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Unscripted. Fast-paced. No prep time. Cross-examination is the true test of a debater, and my personal favorite in a debate round. It forces you not only to think on your feet, but to reason. It also necessitates a very artful crafting of your questions. This article deals with learning to master the art of asking questions.

This sentimental example illustrates the beauty of questions, from the Nobel laureate scientist Isidor Isaac Rabi:

“My mother made me a scientist without ever intending to. Every other mother in Brooklyn would ask her child after school, “So? Did you learn anything today?” But not my mother. “Izzy,” she would say, “did you ask a good question today?” That difference—asking good questions—made me become a scientist.”

Asking good questions is one of the most influential ways to sway your audience’s decision. But there are so many things debaters do to mess it up.

Sin 1: Not building lines of questioning.

The purpose of CX is foremost to establish arguments. An argument builds on itself, establishing its premises in steps. Without a line of questioning (premises in the argument), you won’t be able to establish an argument. It’s impossible to decipher what argument you’re addressing/making if you don’t firmly establish that line of questioning. The best debaters often break what a novice might treat as one question into as many as ten.

Sin 2: Unreasonable answers.

Has this ever happened to you?

You: Does A = B?

Them: Yes

You: And does B = C?

Them: Yep

You: Does A lead to C?

Them: No, blah blah blah blah blah blah blah

It’s the most maddening thing. If you have to give clearly illogical or unreasonable answers to protect your argument, you shouldn’t have made the argument.

I will note: it’s much better to ask the first two questions and let the judge complete the syllogism in their mind. If you go that extra step of, “Does A lead to C?”, it’s usually too far Essentially, they’re not going to agree to what you say. When you go too far, you lose ground. Know when to ask that final connecting question, and when to simply pause and let the judge complete the syllogism in their mind.

Sin 3: Clarifying too much.

Asking too many clarification questions is bad for two reasons. First, it isn’t argumentation. It’s recapping what was previously said. Secondly, it gives your enthusiastic opponent plenty of time to rebuild their case and further persuade the judge. You’re supposed to build your arguments through your questions; if you don’t, it’s an interview instead of a debate round. There’s no clash. There’s no intellectual activity. You’re backtracking. If you don’t understand something, though, feel free to ask about it. And if you’re running out of questions to ask, asking a clarification question or two gives you material to further ask about.

Sin 4: Filler questions.

What’s the worst thing you could do when you don’t know what to say? Fill the space with nonsense. Debaters have those “set questions” that they tend to ask every CX, sometimes just to spend their time. “Is the judge ready? Is the timer ready? Can we have a copy of your case? Could you summarize your case in just one sentence?” Just…stop. Don’t ever ask questions to just fill your time. If you have all the information/arguments you need, stop. Sit down. Don’t waste precious argumentation time with fillers.

Sin 5: Bullying.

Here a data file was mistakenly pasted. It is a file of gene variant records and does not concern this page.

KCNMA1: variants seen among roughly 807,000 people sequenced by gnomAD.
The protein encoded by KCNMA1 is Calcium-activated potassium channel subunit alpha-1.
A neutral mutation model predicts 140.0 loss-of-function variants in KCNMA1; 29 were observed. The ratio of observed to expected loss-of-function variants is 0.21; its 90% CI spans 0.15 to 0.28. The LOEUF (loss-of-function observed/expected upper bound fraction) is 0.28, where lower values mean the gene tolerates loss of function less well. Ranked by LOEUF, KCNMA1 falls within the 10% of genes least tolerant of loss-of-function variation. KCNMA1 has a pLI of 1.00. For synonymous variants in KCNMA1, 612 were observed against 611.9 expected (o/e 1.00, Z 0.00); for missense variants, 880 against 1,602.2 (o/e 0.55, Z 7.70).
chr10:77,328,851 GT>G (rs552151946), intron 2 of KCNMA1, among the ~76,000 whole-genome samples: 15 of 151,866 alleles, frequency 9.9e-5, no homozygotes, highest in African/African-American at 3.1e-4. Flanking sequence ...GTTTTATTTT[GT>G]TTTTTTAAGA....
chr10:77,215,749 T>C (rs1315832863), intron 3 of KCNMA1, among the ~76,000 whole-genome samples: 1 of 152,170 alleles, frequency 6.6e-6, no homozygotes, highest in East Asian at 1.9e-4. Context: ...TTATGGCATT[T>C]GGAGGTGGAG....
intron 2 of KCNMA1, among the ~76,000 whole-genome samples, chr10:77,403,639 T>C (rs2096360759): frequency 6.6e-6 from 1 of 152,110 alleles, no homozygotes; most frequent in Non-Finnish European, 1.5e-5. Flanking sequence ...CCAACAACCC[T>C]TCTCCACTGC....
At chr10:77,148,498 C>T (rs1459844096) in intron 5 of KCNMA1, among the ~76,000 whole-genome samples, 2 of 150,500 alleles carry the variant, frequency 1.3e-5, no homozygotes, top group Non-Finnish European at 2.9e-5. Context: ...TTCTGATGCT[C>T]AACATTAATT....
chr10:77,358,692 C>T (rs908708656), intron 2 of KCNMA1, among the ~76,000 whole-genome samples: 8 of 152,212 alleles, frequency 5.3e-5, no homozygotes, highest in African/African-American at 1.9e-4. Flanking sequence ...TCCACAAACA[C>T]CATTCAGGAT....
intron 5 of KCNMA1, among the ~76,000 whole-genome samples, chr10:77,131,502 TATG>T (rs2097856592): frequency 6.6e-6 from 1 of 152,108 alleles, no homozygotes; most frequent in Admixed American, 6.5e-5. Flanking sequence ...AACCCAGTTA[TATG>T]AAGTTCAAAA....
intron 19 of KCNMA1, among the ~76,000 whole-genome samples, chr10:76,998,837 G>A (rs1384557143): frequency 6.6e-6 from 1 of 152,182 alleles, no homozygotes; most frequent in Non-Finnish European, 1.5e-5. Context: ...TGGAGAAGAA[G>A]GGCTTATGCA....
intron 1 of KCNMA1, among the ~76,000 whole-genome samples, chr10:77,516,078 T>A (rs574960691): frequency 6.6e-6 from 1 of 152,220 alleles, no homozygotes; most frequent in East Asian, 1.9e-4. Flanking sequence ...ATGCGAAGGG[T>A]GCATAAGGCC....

Rudeness. Bad. When Isaiah teaches on CX, he actually says the number 1, most important part of CX is to “be liked” – and you should sacrifice everything to not risk that. Remember that people discredit themselves by being unreasonable, so you don’t need to become a bully. Many rounds are lost in CX – including by an excellent debater getting a newbie to admit their entire case is a failure, when even the judge could’ve answered in a way that that isn’t so and it was just abusing the moment – but few rounds are ever won in CX. You could win debate rounds without CX at all. Don’t be a bully.

Sin 6: Open-ended questions, especially ones that let them respond to your 1NC arguments before it’s even happened ::facepalm::

“How is your case solvent?” “Why is your plan a good idea?” “Do you think there are any better solutions?” All questions I’ve been asked in CX! A delightful smorgasbord of options there, right? Don’t ask open-ended questions.

It’s not difficult to phrase your questions in a way that only allows for “yes”/”no” answers – known as a “leading question”:

  1. “Are we agreed that…?”
  2. “Is it true that…?”
  3. “…, correct?”
  4. “You argued…, correct?”

All of those mean you will put the declarative statement inside of the question (where the “…” is) rather than asking for a statement from the other team. And then, you’re just asking for confirmation or denial. Very nice. (Pro lawyer tip: That’s why it’s called cross-examination, not direct examination, because the difference is leading vs. open-ended questions.) Here are examples of an open-ended CX not going so well and an example of leading-questions CX from same round.

Sin 7: Unclear arguments.

Do what it takes to be clear about your argument. Don’t ask questions that confuse the judge, have no point, or leave your audience in the dark.  If you ask a question that you think proves a big point but the judge appears lost, you’ve been unclear about your audience. Leading your audience on a wild ride only leads to confusion. Confusion leads to disinterest, disinterest leads to tuning you out, and by then you’ve lost the ballot. Be as clear as you can about the point of your question. If the judge appears confused by your CX, clarify it later speeches or immediately. 


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